Women who carry a faulty gene that increases their risk of developing breast and ovarian cancer may face a delay of up to four years for surgery, a conference was told yesterday.
Omens and men wanting to know if they have the gene can wait two years or more to even get a diagnosis.
Their plight was revealed at a conference organized by the Marie Keating Foundation for people affected by the BRCA1 or BRCA2 gene mutation.
A growing number of women are choosing to take action and undergo a double mastectomy and reconstruction — or removal of their ovaries — to reduce their risk. However, they have to endure delays in public hospitals.
The conference heard that due to the impact of Covid and longstanding underfunding in the public system, there are long waits for genetic testing and reconstructive surgery, with some patients having to wait two to four years.
The organisation’s director of nursing services, Helen Forristal, said: “As a genetic change passed down family lines, a BRCA gene significantly increases a person’s risk of developing cancer over the course of their lifetime.
“Having this information and then being told you could wait up to two years or more creates undue emotional distress and uncertainty for this already vulnerable community.”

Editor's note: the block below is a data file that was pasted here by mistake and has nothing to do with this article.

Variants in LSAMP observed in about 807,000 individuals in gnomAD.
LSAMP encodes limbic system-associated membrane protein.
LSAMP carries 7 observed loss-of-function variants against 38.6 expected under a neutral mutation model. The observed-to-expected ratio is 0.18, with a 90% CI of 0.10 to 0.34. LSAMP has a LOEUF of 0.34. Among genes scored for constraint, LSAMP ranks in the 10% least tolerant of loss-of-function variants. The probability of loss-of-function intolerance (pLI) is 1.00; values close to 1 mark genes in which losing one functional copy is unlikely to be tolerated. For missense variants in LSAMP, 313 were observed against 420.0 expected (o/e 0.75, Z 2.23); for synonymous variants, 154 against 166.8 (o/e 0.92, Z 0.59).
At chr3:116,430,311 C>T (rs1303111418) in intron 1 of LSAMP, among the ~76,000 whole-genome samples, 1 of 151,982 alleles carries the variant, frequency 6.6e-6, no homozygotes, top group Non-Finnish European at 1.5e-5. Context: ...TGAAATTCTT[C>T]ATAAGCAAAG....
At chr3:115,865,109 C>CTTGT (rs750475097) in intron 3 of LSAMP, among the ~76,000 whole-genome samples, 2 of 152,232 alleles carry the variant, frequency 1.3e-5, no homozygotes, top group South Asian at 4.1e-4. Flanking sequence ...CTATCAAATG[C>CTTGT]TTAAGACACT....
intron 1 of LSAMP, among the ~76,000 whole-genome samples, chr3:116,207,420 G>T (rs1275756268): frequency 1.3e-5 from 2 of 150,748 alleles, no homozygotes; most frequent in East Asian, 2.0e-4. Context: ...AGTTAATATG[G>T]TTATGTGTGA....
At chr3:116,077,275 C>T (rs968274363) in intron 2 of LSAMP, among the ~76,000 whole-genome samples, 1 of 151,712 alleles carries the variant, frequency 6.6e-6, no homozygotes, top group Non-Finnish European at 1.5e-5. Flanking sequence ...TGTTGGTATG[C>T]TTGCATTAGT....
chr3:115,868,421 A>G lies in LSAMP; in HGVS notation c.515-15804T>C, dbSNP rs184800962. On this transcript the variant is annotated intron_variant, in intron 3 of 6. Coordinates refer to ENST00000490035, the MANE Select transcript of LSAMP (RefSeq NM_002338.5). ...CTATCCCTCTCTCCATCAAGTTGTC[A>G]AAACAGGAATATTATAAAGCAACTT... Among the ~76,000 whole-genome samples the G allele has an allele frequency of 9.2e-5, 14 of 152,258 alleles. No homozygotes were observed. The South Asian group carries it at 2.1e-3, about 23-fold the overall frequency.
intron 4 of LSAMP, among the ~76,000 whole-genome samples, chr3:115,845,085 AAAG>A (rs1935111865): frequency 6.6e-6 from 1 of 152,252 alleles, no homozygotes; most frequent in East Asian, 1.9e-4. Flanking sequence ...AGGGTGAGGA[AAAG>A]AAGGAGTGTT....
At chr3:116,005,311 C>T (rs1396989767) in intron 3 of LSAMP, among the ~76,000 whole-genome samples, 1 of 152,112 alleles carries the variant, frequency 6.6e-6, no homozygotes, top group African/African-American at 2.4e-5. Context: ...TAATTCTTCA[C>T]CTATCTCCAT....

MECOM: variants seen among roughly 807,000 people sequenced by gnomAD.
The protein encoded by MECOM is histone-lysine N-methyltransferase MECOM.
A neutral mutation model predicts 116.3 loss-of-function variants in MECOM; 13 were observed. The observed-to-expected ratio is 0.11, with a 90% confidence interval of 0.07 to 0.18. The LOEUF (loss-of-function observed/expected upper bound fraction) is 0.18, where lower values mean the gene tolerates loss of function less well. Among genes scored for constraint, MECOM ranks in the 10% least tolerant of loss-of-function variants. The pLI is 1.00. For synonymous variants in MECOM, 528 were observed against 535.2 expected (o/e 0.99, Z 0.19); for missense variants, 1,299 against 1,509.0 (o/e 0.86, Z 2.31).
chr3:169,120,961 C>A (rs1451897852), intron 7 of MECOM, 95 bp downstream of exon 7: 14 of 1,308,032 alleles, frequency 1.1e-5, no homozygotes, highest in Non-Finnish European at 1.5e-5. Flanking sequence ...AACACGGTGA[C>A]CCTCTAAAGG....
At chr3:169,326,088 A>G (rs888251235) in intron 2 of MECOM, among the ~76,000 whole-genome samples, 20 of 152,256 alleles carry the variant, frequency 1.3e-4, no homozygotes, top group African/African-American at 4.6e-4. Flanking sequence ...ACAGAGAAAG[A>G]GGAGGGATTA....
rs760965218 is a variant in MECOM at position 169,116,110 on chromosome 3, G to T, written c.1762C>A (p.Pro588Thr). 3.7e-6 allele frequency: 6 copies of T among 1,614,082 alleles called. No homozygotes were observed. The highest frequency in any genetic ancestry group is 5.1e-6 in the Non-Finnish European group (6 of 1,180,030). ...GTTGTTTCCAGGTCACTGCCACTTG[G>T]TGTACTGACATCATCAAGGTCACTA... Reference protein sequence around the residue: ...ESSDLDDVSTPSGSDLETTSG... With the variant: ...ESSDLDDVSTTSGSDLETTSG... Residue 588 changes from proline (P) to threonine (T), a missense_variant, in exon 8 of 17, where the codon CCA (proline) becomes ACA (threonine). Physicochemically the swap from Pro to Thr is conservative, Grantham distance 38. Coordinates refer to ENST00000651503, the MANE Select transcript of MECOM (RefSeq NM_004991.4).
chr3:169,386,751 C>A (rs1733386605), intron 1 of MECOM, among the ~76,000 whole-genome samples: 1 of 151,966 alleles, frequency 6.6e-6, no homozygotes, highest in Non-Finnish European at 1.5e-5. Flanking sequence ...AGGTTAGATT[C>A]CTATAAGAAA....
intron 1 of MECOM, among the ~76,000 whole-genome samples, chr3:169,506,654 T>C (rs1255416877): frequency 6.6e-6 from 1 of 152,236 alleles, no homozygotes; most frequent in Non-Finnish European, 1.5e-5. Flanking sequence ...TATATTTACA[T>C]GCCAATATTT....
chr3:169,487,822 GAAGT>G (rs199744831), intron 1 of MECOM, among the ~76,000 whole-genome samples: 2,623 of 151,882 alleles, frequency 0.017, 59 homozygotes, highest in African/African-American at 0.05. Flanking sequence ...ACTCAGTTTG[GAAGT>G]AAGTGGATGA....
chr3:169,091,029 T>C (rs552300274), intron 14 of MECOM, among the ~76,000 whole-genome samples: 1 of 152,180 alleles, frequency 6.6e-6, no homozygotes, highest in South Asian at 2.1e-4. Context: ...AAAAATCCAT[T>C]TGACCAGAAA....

She said her voluntary peer-to-peer support service, as well as the annual BRCA conference, are vital, adding that they have seen an increase in demand for information with a 700 percent increase in membership over the past two years .
The conference heard moving testimonies from members of families who have mutant BRCA. They told about the stress this causes, as well as the loss of loved ones.
It’s also been heard from women who have faced the heartbreaking decision to undergo preventative surgery to remove their breasts and ovaries.
The gene can be inherited from a mother or father, the conference was told.
Delays in surgeries have been exacerbated by the hospital disruptions caused by Covid-19.
Separately, the Irish Cancer Society has expressed serious concern about long waiting lists for colonoscopies that can detect colorectal cancer – 15,674 people who are referred for a routine colonoscopy have to wait more than 13 weeks.
St Vincent’s Hospital gastroenterologist Prof Glen Doherty said some patients who have been unwell for some time are now coming in with very large and advanced colon tumors – some via emergency rooms.
People with colorectal cancer could be lost in the backlog of routine referrals, Prof. Doherty said.
He added that anyone on a waiting list whose symptoms have worsened should go back to their GP and they may need treatment quickly.
Meanwhile, in a significant move, daily Covid-19 figures are no longer issued by the Ministry of Health – 378 Covid patients were in hospitals yesterday, including 39 in intensive care.
https://www.independent.ie/life/health-wellbeing/women-with-rare-cancer-gene-waiting-up-to-four-years-for-op-41602211.html Women with a rare cancer gene can wait up to four years for surgery